created over 3 years ago | Tagged:
All this is happening because wholesale chicken prices have turned upside down. The once-lowly wing is selling at a premium over what has long been the gold standard of poultry parts, the skinless boneless chicken breast
Buffalo Wild Wings began selling boneless wings six years ago, and the item has grown to 19 percent of sales, compared with 20 percent for regular wings. As wing prices rose and breast prices fell this year, other chains emulated the move. Wingstop, a 450-restaurant chain, began offering boneless wings in all stores this summer. Even Wendy’s, which does not sell regular wings, added boneless wings in June.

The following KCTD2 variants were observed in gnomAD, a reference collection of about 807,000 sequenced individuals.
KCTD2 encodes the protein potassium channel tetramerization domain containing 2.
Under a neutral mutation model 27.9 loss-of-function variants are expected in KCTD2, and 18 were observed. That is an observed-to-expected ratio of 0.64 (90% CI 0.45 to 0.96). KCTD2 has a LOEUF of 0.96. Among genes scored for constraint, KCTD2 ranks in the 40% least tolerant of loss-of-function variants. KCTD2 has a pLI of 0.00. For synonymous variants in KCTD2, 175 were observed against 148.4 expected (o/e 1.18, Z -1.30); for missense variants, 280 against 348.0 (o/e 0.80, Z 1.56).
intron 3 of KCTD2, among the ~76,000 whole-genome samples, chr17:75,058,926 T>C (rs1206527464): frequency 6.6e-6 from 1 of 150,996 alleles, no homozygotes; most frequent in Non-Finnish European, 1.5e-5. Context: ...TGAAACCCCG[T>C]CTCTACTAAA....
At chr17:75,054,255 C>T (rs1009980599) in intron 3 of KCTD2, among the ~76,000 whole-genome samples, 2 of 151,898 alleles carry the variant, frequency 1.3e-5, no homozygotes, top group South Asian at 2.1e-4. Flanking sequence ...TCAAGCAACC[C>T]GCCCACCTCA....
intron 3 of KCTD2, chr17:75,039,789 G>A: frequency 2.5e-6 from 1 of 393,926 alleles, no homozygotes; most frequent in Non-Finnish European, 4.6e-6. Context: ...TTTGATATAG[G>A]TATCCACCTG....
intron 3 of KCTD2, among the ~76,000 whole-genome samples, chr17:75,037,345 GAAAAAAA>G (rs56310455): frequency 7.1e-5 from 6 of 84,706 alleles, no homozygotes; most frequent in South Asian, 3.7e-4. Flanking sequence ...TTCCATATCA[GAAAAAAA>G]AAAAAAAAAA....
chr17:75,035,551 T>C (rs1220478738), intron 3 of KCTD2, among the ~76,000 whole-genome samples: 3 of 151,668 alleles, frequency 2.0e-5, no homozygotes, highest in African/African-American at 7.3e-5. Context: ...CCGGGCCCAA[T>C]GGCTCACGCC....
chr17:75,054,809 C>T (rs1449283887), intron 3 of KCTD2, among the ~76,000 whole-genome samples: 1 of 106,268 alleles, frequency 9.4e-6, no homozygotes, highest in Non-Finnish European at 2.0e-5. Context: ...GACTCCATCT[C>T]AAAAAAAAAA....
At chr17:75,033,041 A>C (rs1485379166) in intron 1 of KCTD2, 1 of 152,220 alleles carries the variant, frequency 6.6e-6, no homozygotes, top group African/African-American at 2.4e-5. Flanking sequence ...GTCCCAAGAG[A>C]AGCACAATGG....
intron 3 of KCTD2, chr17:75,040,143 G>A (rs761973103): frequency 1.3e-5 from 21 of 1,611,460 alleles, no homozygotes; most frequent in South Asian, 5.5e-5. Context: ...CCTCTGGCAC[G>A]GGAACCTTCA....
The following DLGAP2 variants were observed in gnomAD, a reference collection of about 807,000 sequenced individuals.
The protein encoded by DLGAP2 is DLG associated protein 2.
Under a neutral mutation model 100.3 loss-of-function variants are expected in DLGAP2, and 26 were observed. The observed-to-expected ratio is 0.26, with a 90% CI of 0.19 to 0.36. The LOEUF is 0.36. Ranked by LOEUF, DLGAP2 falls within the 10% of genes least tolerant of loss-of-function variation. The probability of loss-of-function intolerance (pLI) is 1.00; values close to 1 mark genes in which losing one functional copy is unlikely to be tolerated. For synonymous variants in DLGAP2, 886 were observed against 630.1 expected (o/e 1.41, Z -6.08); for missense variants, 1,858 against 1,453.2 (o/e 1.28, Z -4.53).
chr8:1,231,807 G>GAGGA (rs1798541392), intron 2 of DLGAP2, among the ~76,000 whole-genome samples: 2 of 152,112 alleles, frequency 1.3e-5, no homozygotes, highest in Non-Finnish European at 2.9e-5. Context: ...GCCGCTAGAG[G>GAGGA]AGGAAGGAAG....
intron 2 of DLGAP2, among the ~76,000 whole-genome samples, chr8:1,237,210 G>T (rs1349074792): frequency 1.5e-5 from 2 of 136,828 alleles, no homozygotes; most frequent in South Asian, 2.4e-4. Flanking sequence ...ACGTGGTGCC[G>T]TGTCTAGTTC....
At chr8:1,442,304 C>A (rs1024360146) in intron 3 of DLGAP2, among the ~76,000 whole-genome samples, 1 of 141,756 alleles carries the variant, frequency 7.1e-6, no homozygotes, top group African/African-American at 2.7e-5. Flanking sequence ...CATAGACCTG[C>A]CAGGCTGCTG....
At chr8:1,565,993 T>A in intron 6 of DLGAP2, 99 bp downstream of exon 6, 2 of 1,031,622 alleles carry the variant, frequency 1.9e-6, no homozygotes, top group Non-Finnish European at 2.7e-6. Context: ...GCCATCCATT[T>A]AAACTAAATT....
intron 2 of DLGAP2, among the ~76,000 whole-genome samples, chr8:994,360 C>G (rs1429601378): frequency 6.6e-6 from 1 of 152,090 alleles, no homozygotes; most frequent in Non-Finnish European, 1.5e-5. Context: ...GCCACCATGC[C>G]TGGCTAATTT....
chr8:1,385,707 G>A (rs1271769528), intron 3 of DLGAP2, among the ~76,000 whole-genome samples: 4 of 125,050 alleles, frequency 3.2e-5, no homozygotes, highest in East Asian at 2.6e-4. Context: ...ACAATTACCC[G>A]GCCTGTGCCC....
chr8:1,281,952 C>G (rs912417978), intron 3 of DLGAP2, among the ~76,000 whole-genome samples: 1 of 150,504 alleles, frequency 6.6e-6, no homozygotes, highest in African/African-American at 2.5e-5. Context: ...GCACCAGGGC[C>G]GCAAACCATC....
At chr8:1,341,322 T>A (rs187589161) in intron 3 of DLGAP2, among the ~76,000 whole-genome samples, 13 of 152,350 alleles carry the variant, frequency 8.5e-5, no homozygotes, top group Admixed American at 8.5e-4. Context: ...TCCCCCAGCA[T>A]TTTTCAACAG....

For wing-centric restaurants, boneless wings are a way to attract customers who may not like the messiness of wings, which have to be chewed off the bone. And with prices upside down, the boneless wings now act as a hedge, with the lower-cost breast meat offsetting higher wing costs.